World Bulletin/News Desk
Lufthansa has ended a run of strikes which had led to the cancellation of more than 1,000 flights after conceding to a key demand by organised labor, with both sides agreeing to seek arbitration next week.
"We hope that this step will help UFO to join us in constructive talks to come up with a competitive pay structure for cabin crew," Lufthansa Chief Executive Christoph Franz said in a statement.
The concession to offer permanent contracts to some temporary cabin crew came after both sides agreed to meet for talks on Friday as the third strike in eight days and the biggest to date brought fresh disruption across Germany.
Indeed, Franz's gamble may have paid off. The cabin crew union, UFO, agreed later on Friday to mediation and pledged not to disrupt passengers any further with walk-outs.
"Starting tomorrow, there will no longer be any strikes until we agree to or reject an arbiter's ruling," UFO union boss Nicoley Baublies told reporters in Frankfurt.
He had earlier said UFO was not planning any further strikes beyond Friday and that he wanted to try to end what he described as "trench warfare."
In a statement , Lufthansa said a mediation contract would be signed on Wednesday with the aim of agreeing on an arbiter by the end of next week.
Lufthansa has been resisting UFO's demands for 5 percent pay increases and guarantees against outsourcing as it tries to slash costs in a plan to improve annual earnings by 1.5 billion euros ($1.9 billion) by 2014.
The airline said on Friday it would stop using flight attendants employed on temporary contracts at a separate agency for its Berlin operations and offer them permanent jobs within the Lufthansa group next year.
Lufthansa had started using the workers - who work longer hours on a more flexible basis - a few months ago. UFO had tried to appeal the plans but a German court backed the airline this year in its use of such contracts, which are common in the car industry.
Germany's labour relations are usually more harmonious than in other countries such as France and Spain, but after years of low wage growth, employees are fighting back.
In May, Germany's largest industrial union agreed to a 4.3 percent pay rise for 3.6 million car and engineering industry workers, their biggest pay rise since 1992.
In Germany's airline industry over the last year, there have been threatened walk-outs by air traffic controllers, and a strike by airfield workers in February at Frankfurt airport in rows over pay.
Lufthansa has previously offered UFO 3.6 percent more pay in exchange for longer hours, but refused to reconsider the use of temporary workers.
Talks between the two sides broke down last week after 13 months of negotiations. The union went on strike for eight hours at Frankfurt airport last Friday before widening the stoppage to Munich and Berlin on Tuesday this week.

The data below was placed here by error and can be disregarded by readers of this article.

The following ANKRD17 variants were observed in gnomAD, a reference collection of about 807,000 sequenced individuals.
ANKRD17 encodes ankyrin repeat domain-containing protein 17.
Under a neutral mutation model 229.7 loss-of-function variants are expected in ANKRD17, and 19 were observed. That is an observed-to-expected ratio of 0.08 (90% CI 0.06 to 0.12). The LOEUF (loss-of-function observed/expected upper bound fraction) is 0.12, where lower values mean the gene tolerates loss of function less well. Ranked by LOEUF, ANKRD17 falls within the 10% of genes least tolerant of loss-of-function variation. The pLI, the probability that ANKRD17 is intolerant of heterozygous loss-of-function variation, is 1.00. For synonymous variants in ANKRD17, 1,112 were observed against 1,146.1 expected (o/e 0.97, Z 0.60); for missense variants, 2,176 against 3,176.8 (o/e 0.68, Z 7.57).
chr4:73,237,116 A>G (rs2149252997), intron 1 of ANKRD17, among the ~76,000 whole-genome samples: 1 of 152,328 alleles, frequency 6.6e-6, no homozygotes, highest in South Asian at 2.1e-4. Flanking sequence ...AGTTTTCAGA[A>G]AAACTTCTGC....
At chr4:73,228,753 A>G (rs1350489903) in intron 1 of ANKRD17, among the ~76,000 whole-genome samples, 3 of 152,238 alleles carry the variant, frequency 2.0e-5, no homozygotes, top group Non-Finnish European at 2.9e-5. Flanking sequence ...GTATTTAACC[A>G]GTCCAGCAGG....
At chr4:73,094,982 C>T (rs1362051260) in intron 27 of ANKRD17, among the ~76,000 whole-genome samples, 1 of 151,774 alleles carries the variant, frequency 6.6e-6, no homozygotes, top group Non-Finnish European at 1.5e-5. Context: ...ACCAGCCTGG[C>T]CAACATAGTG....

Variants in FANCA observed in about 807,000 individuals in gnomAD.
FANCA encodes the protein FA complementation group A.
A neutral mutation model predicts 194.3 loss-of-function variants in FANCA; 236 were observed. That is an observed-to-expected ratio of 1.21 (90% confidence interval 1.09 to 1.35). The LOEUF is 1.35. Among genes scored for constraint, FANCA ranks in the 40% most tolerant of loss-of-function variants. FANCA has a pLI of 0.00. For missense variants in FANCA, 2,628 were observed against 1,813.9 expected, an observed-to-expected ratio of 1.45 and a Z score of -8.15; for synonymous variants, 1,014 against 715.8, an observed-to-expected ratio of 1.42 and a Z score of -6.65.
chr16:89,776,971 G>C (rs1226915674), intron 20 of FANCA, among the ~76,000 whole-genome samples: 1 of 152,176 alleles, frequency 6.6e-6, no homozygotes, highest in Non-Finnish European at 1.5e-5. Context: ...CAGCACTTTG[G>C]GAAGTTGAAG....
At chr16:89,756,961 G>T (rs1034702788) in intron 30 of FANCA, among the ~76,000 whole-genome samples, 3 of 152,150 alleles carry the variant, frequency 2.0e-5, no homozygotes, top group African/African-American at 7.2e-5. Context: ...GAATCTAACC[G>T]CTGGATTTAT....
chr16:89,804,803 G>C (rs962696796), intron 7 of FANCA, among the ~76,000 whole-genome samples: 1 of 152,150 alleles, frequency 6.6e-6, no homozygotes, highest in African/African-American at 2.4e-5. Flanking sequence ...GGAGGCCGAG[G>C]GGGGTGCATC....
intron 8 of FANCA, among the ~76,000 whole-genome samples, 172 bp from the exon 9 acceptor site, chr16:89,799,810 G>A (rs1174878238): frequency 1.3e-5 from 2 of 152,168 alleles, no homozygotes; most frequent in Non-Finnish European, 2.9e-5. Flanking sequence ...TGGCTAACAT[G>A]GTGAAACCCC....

Lufthansa said it hoped to operate about half its daily schedule of around 1,800 flights on Friday, more than previously forecast, and that operations should be almost back to normal on Saturday.
After the 24-hour, Germany-wide strike was announced earlier this week, the airline said it would probably cancel around two thirds of flights.
Frankfurt airport, Germany's busiest, was relatively quiet on Friday and spared the long queues and crowds of stressed passengers seen last week.
Airlines such as British Airways, Air Berlin and Lufthansa unit Austrian Airlines, which is not affected by the strike action, have said they would operate larger planes on routes to Germany to offer more seats to passengers affected by the strike.
IFC CEO Philippe Le Houerou said the fund will "lower the risk for the private sector and attract new investors -- essentially creating a market where there was none."
BIST 100 index opens 0.67 percent higher, US dollar/Turkish lira rate stands at around 3.64
Tightening monetary policies will continue to achieve lower inflation levels, Murat Cetinkaya says
Company will manage operations in 65 countries through Turkey, says head of healthcare group
"We might have to extend in order to reach the target... of stock levels," Khalid al-Falih told an energy forum in Abu Dhabi, referring to a deal between OPEC and non-OPEC producers to cut production by around 1.8 million barrels per day.
BIST 100 index opens 0.40 percent higher; US dollar/Turkish lira rate stands at around 3.66
Crude prices plummet to two-and-a-half month low
Businesses in Turkey expect structural reforms following referendum, says rating agency
"We are optimistic that the policy measures we have taken already place us on the path of recovery," OPEC Secretary General Mohammad Sanusi Barkindo said at an energy forum in Abu Dhabi.
The IMF said "hundreds of millions" of people have been lifted out of poverty through economic integration and technological progress, "helping to reduce global income inequality."
In its latest World Economic Outlook report, the IMF cut its 2017 growth forecast for the region comprising the Middle East, North Africa, Afghanistan and Pakistan to 2.6 percent, down from the 3.1 percent projected in January.
BIST 100 index opens 0.20 percent lower, US dollar/Turkish lira rate stands at around 3.69
It is now time to make progress by preserving freedoms, pluralism and solidarity: Turkey's largest business association
Number of unemployed rises by 1.9 percentage points in January year-on-year, says state agency Turkstat
Beijing has said it wants to transition away from a reliance on debt-fuelled investment and towards a consumer-driven economic model, but the transition has proved bumpy.